When 2021 began, U.S. rent prices were in a slump. Many young renters had moved back in with parents and others were uprooting to more affordable homes to work remotely. In some of the most expensive rental markets and neighborhoods, these shifts led to softening rents and even drops.
Fast-forward to the summer, and rent growth nationally rivaled the super-charged housing market, with many metros logging more than 15% year-over-year increases in typical rent.
The rental picture, however, is far from uniform, says Zillow economist Alexandra Lee.
“Some markets are still on the rebound. Some markets never really experienced a slowdown. Some markets are well above their pre-pandemic levels or even more expensive than they were projected to be before the pandemic,” Lee says.
As the year comes to a close, the conversation has shifted to affordability: Can renters keep up or save enough to make the transition from renting to owning that most typically happens around age 36? And could rent growth push renters to spend an even greater share of their income on housing?
“Nationally, the rental market is stronger and more expensive than it was projected to be even before the pandemic,’’ she says, “but a lot of landlords are probably still facing the rebound in the rental market.”
Those rebounding markets include the nation’s most expensive ZIP codes—including California’s San Jose and San Francisco as well as New York City, where prices are still below where they would have been based on pre-pandemic trends, Lee says. Hardest hit in those cities: The most expensive rentals, especially high-rise luxury condos.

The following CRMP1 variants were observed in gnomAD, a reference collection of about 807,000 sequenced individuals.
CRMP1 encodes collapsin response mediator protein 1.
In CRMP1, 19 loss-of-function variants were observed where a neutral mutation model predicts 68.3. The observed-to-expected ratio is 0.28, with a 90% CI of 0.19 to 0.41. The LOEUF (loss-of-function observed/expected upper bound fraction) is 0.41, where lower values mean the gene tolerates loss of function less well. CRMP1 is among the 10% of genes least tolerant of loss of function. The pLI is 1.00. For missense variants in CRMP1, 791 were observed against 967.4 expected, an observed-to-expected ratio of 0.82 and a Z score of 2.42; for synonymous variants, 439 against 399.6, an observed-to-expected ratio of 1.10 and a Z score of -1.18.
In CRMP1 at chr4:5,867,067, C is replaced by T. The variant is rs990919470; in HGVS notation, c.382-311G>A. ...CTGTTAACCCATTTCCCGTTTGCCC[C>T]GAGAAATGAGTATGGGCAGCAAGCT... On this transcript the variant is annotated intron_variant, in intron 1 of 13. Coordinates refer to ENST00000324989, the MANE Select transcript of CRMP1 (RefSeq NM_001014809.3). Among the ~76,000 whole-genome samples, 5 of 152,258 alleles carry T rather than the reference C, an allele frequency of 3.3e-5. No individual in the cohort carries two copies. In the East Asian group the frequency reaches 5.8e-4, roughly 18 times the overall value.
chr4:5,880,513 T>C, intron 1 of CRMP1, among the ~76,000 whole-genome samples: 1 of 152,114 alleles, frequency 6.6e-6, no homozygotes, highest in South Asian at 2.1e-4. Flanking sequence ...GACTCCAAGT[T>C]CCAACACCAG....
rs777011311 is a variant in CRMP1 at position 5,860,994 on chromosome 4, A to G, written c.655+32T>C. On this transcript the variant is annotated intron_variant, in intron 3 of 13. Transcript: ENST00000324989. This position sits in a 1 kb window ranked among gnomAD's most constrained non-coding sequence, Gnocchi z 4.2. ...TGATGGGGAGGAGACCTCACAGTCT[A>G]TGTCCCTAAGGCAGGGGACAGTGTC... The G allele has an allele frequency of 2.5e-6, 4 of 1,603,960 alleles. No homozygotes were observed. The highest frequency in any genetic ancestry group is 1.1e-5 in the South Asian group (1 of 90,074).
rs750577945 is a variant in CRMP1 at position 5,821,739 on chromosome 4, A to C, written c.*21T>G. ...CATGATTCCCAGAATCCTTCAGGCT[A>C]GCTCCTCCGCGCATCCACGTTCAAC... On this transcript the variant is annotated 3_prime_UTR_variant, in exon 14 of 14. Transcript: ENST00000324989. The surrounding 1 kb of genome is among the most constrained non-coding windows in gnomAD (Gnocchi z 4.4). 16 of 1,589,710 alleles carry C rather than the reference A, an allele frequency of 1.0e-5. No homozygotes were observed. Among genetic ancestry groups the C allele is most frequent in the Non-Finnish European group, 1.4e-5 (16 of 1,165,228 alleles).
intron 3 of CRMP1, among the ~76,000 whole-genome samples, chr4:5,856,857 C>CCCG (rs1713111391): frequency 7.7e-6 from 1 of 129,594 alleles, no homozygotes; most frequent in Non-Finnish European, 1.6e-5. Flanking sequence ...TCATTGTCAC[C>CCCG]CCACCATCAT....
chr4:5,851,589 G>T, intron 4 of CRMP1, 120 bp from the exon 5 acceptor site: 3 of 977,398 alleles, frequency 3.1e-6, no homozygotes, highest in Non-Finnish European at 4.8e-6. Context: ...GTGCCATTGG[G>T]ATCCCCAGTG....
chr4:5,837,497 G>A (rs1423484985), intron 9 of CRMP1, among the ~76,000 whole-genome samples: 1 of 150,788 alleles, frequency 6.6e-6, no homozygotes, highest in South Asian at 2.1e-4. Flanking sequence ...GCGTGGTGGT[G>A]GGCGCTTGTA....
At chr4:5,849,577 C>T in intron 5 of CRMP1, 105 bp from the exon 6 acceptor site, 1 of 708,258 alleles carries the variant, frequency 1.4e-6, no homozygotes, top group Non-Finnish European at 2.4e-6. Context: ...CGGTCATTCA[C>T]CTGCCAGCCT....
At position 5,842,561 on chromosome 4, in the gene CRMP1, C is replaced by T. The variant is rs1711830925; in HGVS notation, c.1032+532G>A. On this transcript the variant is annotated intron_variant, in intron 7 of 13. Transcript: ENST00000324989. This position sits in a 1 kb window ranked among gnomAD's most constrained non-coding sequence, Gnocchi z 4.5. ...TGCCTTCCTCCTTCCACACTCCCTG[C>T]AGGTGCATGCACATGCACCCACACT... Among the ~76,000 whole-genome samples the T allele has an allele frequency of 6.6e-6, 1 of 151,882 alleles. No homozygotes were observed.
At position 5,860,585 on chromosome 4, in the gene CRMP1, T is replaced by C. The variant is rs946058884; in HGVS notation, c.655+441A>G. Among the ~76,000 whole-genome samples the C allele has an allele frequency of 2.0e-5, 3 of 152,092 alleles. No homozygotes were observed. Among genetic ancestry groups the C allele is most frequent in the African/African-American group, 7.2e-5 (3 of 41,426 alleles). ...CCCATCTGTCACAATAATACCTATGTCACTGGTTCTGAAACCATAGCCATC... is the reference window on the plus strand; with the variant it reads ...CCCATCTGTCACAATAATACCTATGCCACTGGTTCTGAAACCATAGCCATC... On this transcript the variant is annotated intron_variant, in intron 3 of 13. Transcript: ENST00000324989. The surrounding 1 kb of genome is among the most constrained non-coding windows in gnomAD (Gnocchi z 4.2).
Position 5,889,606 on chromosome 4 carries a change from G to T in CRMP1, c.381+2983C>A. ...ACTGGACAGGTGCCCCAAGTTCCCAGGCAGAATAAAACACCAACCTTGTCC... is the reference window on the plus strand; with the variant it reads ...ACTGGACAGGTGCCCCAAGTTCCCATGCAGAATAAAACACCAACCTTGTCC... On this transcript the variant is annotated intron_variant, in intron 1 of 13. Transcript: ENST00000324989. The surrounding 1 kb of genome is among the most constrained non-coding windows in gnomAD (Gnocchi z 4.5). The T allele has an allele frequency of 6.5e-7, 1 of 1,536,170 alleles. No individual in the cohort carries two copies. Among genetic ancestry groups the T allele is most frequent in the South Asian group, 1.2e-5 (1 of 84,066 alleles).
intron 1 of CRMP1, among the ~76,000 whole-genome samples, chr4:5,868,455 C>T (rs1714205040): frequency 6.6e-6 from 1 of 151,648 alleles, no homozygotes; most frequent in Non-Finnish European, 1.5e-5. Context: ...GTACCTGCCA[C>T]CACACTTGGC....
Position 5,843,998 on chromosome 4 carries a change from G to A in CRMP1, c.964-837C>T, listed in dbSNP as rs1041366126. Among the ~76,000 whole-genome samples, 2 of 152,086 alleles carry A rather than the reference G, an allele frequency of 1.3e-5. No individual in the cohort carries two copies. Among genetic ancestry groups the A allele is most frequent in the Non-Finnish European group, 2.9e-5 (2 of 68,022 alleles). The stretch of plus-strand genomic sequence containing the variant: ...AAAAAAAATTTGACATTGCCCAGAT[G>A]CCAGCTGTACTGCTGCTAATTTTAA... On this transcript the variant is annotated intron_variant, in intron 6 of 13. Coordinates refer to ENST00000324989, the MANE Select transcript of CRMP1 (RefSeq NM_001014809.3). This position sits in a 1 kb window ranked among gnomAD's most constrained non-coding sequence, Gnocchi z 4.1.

Meanwhile, rent increases in smaller metros could turn what had been some of the nation’s more affordable locales into some of the least affordable by year’s end as renters in those markets spend a greater share of their income on rent.
For landlords and property managers, this could create a significant shift in market demand. The combination of growing home values and increasing rents could mean that households will continue to rent for longer than they might have otherwise—and they may be driving demand for larger multifamily and single-family rentals.
“With home value growth in overdrive right now, and rent high as well, we are seeing the most difficult situation on record for prospective home buyers—people who are trying to move from renting to buying,’’ she says.
The Zillow Rental Consumer Housing Trends Report 2021 provides additional insights into the financial stressors facing renters and the challenges facing landlords and property managers as they seek to recoup losses, grow their businesses, and invest. The report also provides insights into what renters want, what they pay, and the growing use of technology in all aspects of the rental process. Download the full report here.
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